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Increasing The Medicare Eligibility Age: A Smaller Bargain

From Politico:


President Barack Obama and House Speaker John Boehner failed to strike a “grand bargain” on the nation’s deficit, but they may have pulled off another trick: revolutionizing the debate over Medicare.

When they both accepted the idea of increasing the Medicare eligibility age to 67, they gave a controversial idea more legitimacy and high-profile support than it’s ever gotten before.

The White House’s Fiscal Commission, led by Erskine Bowles and Alan Simpson, listed the idea of raising the eligibility age with the likes of such dramatic structural changes as the public option, block grants or an all-payer system. Alice Rivlin and former Sen. Pete Domenici didn’t even bring up the idea in their deficit report. And the top Democrats in both the House and Senate brushed aside the concept just last month.

But now the idea of raising the eligibility age has gotten the support of Obama and Boehner. While the age change is not expected to be part of the latest debt ceiling compromises, the idea is now likely to be a permanent fixture in the Medicare debate and, someday, to become a reality.

The idea has been loosely supported by Republicans in the past. Continue reading

An Uncertain Future For Medicare and Medicaid

From Politico:

The Obama administration could be faced with obligations to spend cash it  doesn’t have.

By J. LESTER FEDER| 7/21/11 10:47 PM EDT

A default scenario is so unthinkable that not too many people have thought about what happens to Medicare and Medicaid if a deal isn’t reached.

One longtime Washington health hand said he had not contemplated the overall picture of what happens after Aug. 2 without a deal because, “I think it’s unlikely, but it’s also kind of [too] horrible” to think about.

But people are getting nervous enough that it’s time to give the issue real thought, said Julius Hobson, former congressional affairs director for the American Medical Association.

“I think up until last week people were buying into that usual, conventional wisdom that they’d get that grand deal, and now they’re being disabused of that notion,” he said.

So what does happen? Does Medicare keep making payments? If Social Security checks continue to go out, will Medicare premiums be withheld? Will states get their Medicaid dollars? Continue reading

America: Balance Budget Without Rep. Ryan’s Medicare Cuts

From Politico:

The poll comes as Republicans are feeling pushback from voters over Paul Ryan’s budget plan. | AP Photo


Americans aren’t convinced that cuts to Medicare and Social Security are necessary to balance the federal budget, a new poll found on Monday, even as lawmakers continue to argue that the programs must be reined in.

An Associated Press-GfK poll showed that 54 percent of Americans think that the budget can be balanced without cuts to Medicare, while 59 percent said the same about Social Security. On the other hand, 44 percent said that Medicare cuts are needed, while 39 percent said the same about Social Security. Continue reading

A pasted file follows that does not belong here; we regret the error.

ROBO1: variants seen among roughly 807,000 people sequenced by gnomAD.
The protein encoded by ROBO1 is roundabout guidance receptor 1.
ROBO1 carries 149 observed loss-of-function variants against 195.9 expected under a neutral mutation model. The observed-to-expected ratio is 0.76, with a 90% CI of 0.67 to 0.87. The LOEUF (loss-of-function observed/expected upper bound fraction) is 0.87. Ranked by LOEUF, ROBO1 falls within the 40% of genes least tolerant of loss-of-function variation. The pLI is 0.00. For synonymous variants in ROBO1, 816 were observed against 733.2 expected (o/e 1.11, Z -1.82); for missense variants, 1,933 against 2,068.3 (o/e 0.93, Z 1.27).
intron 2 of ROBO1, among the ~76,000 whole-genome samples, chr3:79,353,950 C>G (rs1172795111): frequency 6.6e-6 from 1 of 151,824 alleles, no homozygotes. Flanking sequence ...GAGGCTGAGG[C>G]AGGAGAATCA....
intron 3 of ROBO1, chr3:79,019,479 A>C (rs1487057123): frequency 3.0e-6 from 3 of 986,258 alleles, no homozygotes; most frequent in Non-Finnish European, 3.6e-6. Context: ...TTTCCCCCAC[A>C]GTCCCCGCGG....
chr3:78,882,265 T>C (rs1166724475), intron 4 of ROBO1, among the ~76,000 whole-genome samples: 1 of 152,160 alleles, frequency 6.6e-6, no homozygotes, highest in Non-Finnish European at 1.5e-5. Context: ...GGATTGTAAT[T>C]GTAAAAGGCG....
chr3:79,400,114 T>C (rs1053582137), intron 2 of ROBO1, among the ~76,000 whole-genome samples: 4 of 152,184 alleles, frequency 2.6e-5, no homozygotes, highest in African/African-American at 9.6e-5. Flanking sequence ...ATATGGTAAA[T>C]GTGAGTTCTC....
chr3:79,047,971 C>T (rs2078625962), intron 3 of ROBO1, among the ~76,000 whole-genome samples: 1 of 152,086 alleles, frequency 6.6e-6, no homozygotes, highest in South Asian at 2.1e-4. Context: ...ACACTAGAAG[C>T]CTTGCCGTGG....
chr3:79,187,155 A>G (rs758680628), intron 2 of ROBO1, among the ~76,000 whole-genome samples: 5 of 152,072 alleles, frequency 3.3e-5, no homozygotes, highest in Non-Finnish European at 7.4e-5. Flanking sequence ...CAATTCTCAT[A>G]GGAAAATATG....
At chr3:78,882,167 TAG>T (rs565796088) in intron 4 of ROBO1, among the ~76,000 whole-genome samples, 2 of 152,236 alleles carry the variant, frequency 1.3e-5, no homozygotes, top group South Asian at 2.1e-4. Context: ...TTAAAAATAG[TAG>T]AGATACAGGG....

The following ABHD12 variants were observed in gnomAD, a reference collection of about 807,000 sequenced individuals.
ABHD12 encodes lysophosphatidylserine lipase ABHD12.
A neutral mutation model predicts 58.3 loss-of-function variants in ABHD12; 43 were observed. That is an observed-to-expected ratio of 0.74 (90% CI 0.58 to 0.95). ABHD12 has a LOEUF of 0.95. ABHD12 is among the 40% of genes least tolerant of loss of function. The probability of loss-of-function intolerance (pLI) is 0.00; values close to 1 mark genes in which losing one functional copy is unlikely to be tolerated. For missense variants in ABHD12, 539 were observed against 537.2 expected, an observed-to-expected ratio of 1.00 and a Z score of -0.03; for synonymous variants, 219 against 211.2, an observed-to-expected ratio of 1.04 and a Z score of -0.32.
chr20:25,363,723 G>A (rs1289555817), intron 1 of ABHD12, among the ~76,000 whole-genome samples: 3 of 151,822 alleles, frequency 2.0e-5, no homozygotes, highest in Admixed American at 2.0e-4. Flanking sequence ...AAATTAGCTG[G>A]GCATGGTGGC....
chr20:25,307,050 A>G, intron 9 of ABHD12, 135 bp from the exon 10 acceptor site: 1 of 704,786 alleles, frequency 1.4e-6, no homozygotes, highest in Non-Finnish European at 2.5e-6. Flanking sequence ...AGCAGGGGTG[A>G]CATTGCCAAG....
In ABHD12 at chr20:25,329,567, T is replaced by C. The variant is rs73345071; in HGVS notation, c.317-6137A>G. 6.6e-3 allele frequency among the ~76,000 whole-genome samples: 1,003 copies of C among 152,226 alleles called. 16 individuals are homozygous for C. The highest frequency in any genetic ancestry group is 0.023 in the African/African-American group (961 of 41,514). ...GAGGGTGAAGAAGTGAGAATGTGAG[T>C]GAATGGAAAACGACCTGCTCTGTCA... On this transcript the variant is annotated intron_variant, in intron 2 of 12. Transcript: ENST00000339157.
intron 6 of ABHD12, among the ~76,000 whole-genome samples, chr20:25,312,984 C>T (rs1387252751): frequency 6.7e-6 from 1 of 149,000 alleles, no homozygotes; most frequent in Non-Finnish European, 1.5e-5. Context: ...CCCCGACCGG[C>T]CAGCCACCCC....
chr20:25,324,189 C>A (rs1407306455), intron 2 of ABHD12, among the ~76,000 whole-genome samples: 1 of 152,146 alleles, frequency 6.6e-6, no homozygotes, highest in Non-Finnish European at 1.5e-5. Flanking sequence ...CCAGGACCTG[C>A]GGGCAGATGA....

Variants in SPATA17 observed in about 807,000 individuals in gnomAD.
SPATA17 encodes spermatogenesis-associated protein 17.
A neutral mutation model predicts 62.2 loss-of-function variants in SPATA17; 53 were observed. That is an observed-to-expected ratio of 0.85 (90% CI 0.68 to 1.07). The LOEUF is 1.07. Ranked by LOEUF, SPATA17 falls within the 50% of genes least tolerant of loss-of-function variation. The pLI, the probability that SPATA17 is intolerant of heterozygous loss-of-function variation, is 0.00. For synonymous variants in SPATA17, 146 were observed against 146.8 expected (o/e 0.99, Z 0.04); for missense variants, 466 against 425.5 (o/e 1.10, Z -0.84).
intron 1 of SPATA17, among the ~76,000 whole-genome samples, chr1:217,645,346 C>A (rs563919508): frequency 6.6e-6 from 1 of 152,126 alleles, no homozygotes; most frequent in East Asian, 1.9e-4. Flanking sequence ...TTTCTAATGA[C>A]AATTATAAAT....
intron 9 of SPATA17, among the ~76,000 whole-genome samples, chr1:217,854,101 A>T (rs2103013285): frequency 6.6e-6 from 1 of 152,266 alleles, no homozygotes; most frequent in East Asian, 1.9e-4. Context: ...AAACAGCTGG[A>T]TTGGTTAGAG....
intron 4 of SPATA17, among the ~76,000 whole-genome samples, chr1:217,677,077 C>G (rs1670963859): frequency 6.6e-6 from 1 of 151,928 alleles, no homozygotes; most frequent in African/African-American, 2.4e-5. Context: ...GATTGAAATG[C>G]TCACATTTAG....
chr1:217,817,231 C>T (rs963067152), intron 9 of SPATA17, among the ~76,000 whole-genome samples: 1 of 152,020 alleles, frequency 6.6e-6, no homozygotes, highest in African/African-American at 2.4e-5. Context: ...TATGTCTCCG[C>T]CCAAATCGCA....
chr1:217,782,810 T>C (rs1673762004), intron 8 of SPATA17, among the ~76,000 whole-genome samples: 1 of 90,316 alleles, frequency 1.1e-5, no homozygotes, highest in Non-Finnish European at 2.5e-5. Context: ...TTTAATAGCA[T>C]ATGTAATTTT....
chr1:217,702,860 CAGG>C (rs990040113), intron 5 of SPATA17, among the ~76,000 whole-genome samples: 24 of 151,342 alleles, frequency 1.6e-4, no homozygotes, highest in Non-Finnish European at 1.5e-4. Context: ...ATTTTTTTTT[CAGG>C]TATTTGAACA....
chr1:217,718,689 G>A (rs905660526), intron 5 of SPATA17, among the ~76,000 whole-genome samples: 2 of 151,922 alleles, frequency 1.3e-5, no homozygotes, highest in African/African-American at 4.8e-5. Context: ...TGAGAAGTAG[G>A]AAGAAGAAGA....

Are Worried Seniors Hoisting The Ladders Behind Them?

From The New Yorker’s Financial Page:

by James Surowiecki (Nov. 22, 2010)

As shellackings go, the 2010 election was as comprehensive as it gets. Democrats lost among women, men, high-school graduates, college graduates, Catholics, Protestants, and so on. But there was one demographic group whose repudiation was especially influential: senior citizens. In the 2006 midterm election, seniors split their vote evenly between House Democrats and Republicans. This time, they went for Republicans by a twenty-one-point margin. The impact of that swing was magnified by the fact that seniors, always pretty reliable midterm voters, were particularly fired up: nearly a quarter of the votes cast were from people over sixty-five. The election has been termed the “revolt of the middle class.” But it might more accurately be called the revolt of the retired.

Why were seniors so furious with the Democrats? The weak economy and the huge deficits didn’t help, but retirees have actually been hit less hard by the financial crisis than other Americans. The real sticking point was health-care reform, which the elderly didn’t like from the start. While the Affordable Care Act was being debated, most seniors opposed it, and even after the law was passed Gallup found that sixty per cent of them thought it was bad. You sometimes hear (generally from Republicans) that the health-care bill is wildly unpopular. The truth is that, in every age group but one—seniors—a plurality of voters want to keep the bill intact.

Misinformation about “death panels” and so on had something to do with seniors’ hostility. But the real reason is that it feels to them as if health-care reform will come at their expense, since the new law will slow the growth in Medicare spending over the next decade. It won’t actually cut current spending, as Republicans claimed in campaign ads, but between now and 2019 total Medicare outlays will be half a trillion dollars less than previously projected. Never mind that this number includes cost savings from more efficient care, or that the bill has a host of provisions that benefit seniors—most notably the closing of the infamous drug-benefit “doughnut hole,” which had left people responsible for thousands of dollars in prescription-drug costs. The idea that the government might try to restrain Medicare spending was enough to turn seniors against the bill.

Continue reading